Alimony and Spousal Maintenance
Although the law and terms used in Texas regarding alimony can get confusing, for the purpose of this article, “alimony” includes all payments from one spouse to another that are intended to transfer part of the income of one spouse to another, not counting child support.
Alimony can be “temporary” or “final.” Both temporary and final alimony can be agreed-to or court-ordered.
Temporary alimony is not the focus of this article, but just know this: it can be devastating. During the temporary period – while your divorce is pending – the court can order you to pay your spouse any amount the court believes is proper, up to 100% of your income.
“Final” alimony is the topic of this article. It is the alimony that gets paid pursuant to a final decree of divorce. Final alimony is the alimony most people are worried about and like temporary alimony, it can be agreed-to or court-ordered.
Agreed-to final alimony is pretty simple to understand – by agreement, you can agree to pay your spouse as much of your income going forward as you want to. This is often called Contractual Alimony, and if handled properly, it is tax-deductible. If handled improperly, however – for example, if it’s used as a substitute for child support, in an effort to save taxes – it can cause a tax nightmare.
Most people are not worried about agreed-to alimony – they figure they can stop themselves from agreeing to something stupid. The concern for most of us is about court-ordered alimony. Most people want to know what a court can do to them. When can I get ordered to pay? How much can I get ordered to pay? And for how long?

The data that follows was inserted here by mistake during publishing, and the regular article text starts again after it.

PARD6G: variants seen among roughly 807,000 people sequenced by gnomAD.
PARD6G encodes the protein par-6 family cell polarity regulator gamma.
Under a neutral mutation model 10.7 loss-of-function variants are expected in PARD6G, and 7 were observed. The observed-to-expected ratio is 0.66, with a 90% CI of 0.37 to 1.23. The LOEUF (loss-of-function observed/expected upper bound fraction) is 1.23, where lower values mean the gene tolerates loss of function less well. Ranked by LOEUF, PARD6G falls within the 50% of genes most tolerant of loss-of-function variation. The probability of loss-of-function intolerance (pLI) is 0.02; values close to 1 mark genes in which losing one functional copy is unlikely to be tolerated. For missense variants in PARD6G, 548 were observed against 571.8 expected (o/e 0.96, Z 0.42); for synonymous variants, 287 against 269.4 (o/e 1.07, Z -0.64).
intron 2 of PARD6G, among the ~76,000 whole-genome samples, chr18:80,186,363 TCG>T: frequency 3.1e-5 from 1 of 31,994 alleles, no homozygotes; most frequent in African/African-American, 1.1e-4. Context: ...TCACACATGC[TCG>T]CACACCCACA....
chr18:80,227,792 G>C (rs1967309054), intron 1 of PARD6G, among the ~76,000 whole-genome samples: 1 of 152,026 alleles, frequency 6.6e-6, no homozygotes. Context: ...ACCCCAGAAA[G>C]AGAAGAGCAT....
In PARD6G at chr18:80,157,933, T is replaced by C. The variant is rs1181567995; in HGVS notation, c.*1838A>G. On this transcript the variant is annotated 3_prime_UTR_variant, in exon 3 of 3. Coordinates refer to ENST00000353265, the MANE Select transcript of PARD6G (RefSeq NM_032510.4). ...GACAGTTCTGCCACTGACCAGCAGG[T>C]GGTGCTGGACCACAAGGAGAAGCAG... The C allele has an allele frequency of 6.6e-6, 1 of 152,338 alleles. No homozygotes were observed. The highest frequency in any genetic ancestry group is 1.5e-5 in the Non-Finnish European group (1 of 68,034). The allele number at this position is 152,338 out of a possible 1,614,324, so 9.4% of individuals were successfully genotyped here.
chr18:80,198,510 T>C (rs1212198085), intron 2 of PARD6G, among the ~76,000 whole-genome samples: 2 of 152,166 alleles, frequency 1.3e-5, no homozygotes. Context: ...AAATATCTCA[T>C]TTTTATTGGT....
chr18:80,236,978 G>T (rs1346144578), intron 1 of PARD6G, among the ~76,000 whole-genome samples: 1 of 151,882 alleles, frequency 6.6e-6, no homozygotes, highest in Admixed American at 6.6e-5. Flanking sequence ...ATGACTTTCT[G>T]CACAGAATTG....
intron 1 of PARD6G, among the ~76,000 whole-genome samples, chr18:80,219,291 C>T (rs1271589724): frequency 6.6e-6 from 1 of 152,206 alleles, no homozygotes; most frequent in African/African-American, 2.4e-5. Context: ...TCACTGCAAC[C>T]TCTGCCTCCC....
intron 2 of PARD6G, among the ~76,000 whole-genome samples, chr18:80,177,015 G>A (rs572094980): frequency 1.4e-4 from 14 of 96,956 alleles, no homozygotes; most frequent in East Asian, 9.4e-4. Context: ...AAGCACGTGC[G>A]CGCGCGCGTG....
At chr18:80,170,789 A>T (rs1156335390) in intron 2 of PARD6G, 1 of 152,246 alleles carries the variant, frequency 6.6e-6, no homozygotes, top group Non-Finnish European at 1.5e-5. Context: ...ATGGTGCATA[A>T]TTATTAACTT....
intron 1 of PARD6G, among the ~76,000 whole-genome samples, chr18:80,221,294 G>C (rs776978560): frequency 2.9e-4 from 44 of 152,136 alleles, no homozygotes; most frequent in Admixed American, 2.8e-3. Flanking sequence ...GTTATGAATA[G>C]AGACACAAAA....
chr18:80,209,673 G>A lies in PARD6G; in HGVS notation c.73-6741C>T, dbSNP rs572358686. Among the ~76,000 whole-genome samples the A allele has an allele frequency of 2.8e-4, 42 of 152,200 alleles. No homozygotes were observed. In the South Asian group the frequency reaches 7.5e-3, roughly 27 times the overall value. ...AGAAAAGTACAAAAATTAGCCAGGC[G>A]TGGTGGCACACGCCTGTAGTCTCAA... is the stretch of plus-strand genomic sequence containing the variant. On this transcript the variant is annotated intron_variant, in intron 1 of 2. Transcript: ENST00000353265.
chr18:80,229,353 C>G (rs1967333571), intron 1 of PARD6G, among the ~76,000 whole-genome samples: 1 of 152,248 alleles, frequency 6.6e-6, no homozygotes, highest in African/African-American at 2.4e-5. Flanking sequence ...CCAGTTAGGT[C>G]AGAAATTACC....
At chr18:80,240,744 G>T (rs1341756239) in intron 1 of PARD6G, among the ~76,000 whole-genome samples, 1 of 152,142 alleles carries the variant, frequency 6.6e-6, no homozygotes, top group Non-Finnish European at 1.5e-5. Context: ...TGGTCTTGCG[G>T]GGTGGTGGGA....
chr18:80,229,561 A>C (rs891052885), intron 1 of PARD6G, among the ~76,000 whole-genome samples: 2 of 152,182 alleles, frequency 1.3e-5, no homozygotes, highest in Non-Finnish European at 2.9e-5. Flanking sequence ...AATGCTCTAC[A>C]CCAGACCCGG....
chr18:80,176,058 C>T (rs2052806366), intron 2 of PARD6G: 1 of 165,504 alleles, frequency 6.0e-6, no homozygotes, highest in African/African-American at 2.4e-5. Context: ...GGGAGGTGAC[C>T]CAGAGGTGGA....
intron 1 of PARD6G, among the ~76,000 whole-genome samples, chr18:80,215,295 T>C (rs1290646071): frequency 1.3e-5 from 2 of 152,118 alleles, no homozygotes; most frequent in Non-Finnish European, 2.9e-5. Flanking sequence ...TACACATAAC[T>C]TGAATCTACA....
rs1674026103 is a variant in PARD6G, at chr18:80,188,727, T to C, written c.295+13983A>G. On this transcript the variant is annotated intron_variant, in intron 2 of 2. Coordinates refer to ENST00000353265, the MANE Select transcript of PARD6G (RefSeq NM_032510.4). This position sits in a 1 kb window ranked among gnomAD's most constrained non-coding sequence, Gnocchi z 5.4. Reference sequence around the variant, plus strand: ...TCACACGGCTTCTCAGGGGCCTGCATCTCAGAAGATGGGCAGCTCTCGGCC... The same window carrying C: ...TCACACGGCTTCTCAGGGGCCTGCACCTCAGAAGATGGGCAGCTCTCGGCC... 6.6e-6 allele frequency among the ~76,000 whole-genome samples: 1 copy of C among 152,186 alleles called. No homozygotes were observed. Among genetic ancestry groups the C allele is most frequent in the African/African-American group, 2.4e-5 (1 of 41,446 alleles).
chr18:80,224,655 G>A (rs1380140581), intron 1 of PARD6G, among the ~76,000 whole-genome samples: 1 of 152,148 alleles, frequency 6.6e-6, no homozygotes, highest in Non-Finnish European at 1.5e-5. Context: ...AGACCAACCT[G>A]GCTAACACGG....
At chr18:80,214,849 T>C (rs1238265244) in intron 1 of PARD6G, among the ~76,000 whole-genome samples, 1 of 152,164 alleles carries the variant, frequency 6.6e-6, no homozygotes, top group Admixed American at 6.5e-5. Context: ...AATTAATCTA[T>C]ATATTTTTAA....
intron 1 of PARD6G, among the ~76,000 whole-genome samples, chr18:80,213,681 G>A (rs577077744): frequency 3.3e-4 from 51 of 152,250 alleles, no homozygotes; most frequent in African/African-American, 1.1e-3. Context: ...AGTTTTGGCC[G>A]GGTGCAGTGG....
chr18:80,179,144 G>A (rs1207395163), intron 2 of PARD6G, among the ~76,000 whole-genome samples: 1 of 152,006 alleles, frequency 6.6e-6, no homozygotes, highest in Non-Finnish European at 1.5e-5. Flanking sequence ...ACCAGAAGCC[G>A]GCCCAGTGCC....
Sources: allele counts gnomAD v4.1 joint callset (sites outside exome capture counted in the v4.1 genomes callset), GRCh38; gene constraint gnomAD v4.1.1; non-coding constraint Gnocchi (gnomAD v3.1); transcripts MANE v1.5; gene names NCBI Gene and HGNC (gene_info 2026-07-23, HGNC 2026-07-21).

First, the good news: If your spouse will have enough assets after the divorce to meet her minimum reasonable needs, the court cannot order you to pay any alimony in your final decree. Of course, keep in mind, there is no definition for the term “minimum reasonable needs.” What you think your spouse reasonably needs may differ significantly from what they believe they reasonably need. What matters, ultimately, is what the court believes your spouse reasonably needs, and that will differ from judge to judge.
So what happens if your spouse will not have enough property to provide for her minimum reasonable needs? In that case, a court can order alimony if one or more of the following are present:
Family violence against the spouse or child of the spouse;
A disabled spouse or child, and the spouse cannot earn sufficient income; or
A spouse has an inability to earn sufficient income and the marriage has lasted at least 10 years.
If you fall into one of these three categories, the questions then become “how much” and “how long.”
When the award of alimony is based upon Family Violence or based upon the spouse’s inability to earn, and the marriage is less than less than 20 years, the maximum award is five years of alimony. If the marriage is more than 20 years, but less than 30, the court can award alimony for seven years. If the marriage has lasted more than 30 years, the court can award 10 years of alimony.
Of greatest significance, if the award of alimony is based upon the disability of the spouse or a child of the marriage, the award can be for an indefinite period. Yes, that means that if your spouse suffers a disabling injury on your honeymoon, and you get divorced two months later, you could end up paying alimony for the rest of your life.
With respect to the amount of alimony the court can order, the formula for the maximum is pretty simple – the lesser of 20% of your average gross monthly income or $5,000.00.
That means that for a 10-year marriage, with no disability issues, the most the court can order is $5,000.00 per month for 5 years, for a total of $300,000.00. For a 20-year marriage, with no disability issues, the maximum award would total $420,000.00, and for a 30-year marriage, the total would be $600,000.00. If disability issues are involved, however, the maximum could easily be $1Million or more.